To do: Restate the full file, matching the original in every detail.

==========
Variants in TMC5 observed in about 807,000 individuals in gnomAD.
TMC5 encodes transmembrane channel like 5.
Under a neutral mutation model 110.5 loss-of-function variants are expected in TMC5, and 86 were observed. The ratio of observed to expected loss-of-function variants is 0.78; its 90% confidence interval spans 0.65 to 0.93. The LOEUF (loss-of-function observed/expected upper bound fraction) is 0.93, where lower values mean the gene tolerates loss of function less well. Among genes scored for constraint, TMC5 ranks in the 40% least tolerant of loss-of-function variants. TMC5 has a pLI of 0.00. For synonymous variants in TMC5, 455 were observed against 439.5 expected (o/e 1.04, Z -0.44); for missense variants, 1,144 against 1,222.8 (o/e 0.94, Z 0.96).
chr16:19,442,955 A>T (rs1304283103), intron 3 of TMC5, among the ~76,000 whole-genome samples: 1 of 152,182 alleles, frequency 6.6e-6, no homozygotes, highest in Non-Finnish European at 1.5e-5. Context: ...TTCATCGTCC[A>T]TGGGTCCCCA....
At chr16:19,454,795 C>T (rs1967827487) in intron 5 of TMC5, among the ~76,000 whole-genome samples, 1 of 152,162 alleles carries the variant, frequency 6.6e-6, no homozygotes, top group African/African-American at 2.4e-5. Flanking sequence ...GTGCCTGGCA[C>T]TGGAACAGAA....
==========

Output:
Variants in TMC5 observed in about 807,000 individuals in gnomAD.
TMC5 encodes transmembrane channel like 5.
Under a neutral mutation model 110.5 loss-of-function variants are expected in TMC5, and 86 were observed. The ratio of observed to expected loss-of-function variants is 0.78; its 90% confidence interval spans 0.65 to 0.93. The LOEUF (loss-of-function observed/expected upper bound fraction) is 0.93, where lower values mean the gene tolerates loss of function less well. Among genes scored for constraint, TMC5 ranks in the 40% least tolerant of loss-of-function variants. TMC5 has a pLI of 0.00. For synonymous variants in TMC5, 455 were observed against 439.5 expected (o/e 1.04, Z -0.44); for missense variants, 1,144 against 1,222.8 (o/e 0.94, Z 0.96).
chr16:19,442,955 A>T (rs1304283103), intron 3 of TMC5, among the ~76,000 whole-genome samples: 1 of 152,182 alleles, frequency 6.6e-6, no homozygotes, highest in Non-Finnish European at 1.5e-5. Context: ...TTCATCGTCC[A>T]TGGGTCCCCA....
At chr16:19,454,795 C>T (rs1967827487) in intron 5 of TMC5, among the ~76,000 whole-genome samples, 1 of 152,162 alleles carries the variant, frequency 6.6e-6, no homozygotes, top group African/African-American at 2.4e-5. Flanking sequence ...GTGCCTGGCA[C>T]TGGAACAGAA....